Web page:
The complexity of the truth and the stakes involved in pardoning offenses are the very issues confronting theatregoers in Hubert’s layered play. However, what comes across in the end is the necessity to take personal responsibility in how we treat outsiders. The fact that Joé commits this terrible murder is not up for question, but through clear direction and subtle staging, we come to know that “real life” is much more challenging to accept — there are no villains on stage in the production’s hour and forty-minute run time; however, the real villain, Joé’s abusive grandfather, is never seen on stage, and is only revealed through a heartbreaking monologue from the school secretary to Camille as she is resigned to give up her project and return to the safety and comfort of Montreal. Under Ouellette’s direction, all of the actors take on the role of the chorus, so to speak, breaking the fourth wall to directly address the audience — most notably Dorothée, Valérie, and Dereck — in order to further reveal the village’s tragic secrets, its sins of omission and commission. As the plot rises to its climax, we learn along with Camille that Joé’s actions were not unprovoked aggressions, but the culmination of years of abuse.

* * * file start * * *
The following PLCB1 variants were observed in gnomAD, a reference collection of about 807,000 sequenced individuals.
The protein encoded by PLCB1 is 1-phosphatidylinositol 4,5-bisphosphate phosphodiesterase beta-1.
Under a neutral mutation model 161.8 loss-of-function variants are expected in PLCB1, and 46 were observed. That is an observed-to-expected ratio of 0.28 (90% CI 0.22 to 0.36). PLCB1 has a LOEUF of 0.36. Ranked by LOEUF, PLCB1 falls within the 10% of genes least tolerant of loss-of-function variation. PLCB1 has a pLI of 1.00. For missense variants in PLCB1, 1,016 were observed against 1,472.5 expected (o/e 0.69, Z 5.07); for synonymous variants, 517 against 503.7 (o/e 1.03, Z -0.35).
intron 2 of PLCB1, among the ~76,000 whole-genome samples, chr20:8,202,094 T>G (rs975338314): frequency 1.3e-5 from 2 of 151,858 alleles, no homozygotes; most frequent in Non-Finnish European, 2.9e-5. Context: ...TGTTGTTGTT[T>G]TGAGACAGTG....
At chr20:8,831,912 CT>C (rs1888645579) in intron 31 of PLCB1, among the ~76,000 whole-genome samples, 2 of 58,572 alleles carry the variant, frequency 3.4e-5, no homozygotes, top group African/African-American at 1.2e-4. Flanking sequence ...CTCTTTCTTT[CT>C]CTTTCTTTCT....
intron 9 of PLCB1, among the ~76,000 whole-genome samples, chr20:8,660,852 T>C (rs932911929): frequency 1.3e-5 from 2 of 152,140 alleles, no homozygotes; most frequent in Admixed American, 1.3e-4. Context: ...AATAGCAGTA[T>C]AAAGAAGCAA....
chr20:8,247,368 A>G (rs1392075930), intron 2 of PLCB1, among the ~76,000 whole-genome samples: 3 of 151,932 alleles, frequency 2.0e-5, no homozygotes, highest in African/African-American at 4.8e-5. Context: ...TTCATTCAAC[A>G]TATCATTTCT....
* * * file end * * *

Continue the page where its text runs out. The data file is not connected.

In spite of the overall heaviness of the play, Hubert leaves us with hope, and Ouellette’s staging highlights this especially during the play’s dénouement. As Dorothée recounts Marielle’s act of pardoning her son, rather than condemning him, before leaving the village, we see a silent Marielle atop the set with a red box, symbolically releasing Joé’s ashes to the wind before audibly exhaling as the stage goes dark. In a play that treats many different binaries — city versus country, victim versus murderer, revelation versus silence — Ouellette reminds the audience that forgiveness goes beyond the rightness or wrongness of an act, thus serving to heal the collective wounds of communities touched by tragedy.

Le cas Joé Ferguson runs through November 25, 2017 at Théâtre du Trident.

Categories: Arts & Culture, Reviews

About Author

Aileen Ruane

Aileen Ruane is a doctoral candidate in Études littéraires at Université Laval. She received an MA in French Studies from the University of Illinois at Urbana-Champaign, and a BA in Theatre Studies and French from Kent State University. Her research primarily concerns the concepts of performativity, identity, and alterity in Québécois translations of Irish theatre. She was a founding member of Blackbird Theatre Company in Chicago. She also teaches Irish dance at Violon Vert here in Quebec City.